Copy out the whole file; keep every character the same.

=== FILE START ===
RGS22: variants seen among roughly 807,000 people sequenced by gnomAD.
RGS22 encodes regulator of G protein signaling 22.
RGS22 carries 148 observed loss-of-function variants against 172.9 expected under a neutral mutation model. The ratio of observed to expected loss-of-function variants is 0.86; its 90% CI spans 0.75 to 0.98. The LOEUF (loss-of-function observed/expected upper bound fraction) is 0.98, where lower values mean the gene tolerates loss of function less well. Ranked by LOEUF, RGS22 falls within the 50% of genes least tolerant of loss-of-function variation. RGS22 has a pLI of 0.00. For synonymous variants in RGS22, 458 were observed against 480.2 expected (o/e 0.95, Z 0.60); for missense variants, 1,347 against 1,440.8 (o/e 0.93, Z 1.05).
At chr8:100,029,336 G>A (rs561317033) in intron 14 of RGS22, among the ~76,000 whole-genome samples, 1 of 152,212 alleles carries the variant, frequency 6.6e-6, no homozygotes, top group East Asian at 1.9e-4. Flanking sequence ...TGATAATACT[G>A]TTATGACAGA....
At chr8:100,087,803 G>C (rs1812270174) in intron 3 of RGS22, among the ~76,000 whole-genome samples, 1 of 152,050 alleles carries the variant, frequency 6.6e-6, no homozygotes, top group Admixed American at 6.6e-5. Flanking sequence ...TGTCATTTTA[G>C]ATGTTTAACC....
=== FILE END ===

RGS22: variants seen among roughly 807,000 people sequenced by gnomAD.
RGS22 encodes regulator of G protein signaling 22.
RGS22 carries 148 observed loss-of-function variants against 172.9 expected under a neutral mutation model. The ratio of observed to expected loss-of-function variants is 0.86; its 90% CI spans 0.75 to 0.98. The LOEUF (loss-of-function observed/expected upper bound fraction) is 0.98, where lower values mean the gene tolerates loss of function less well. Ranked by LOEUF, RGS22 falls within the 50% of genes least tolerant of loss-of-function variation. RGS22 has a pLI of 0.00. For synonymous variants in RGS22, 458 were observed against 480.2 expected (o/e 0.95, Z 0.60); for missense variants, 1,347 against 1,440.8 (o/e 0.93, Z 1.05).
At chr8:100,029,336 G>A (rs561317033) in intron 14 of RGS22, among the ~76,000 whole-genome samples, 1 of 152,212 alleles carries the variant, frequency 6.6e-6, no homozygotes, top group East Asian at 1.9e-4. Flanking sequence ...TGATAATACT[G>A]TTATGACAGA....
At chr8:100,087,803 G>C (rs1812270174) in intron 3 of RGS22, among the ~76,000 whole-genome samples, 1 of 152,050 alleles carries the variant, frequency 6.6e-6, no homozygotes, top group Admixed American at 6.6e-5. Flanking sequence ...TGTCATTTTA[G>C]ATGTTTAACC....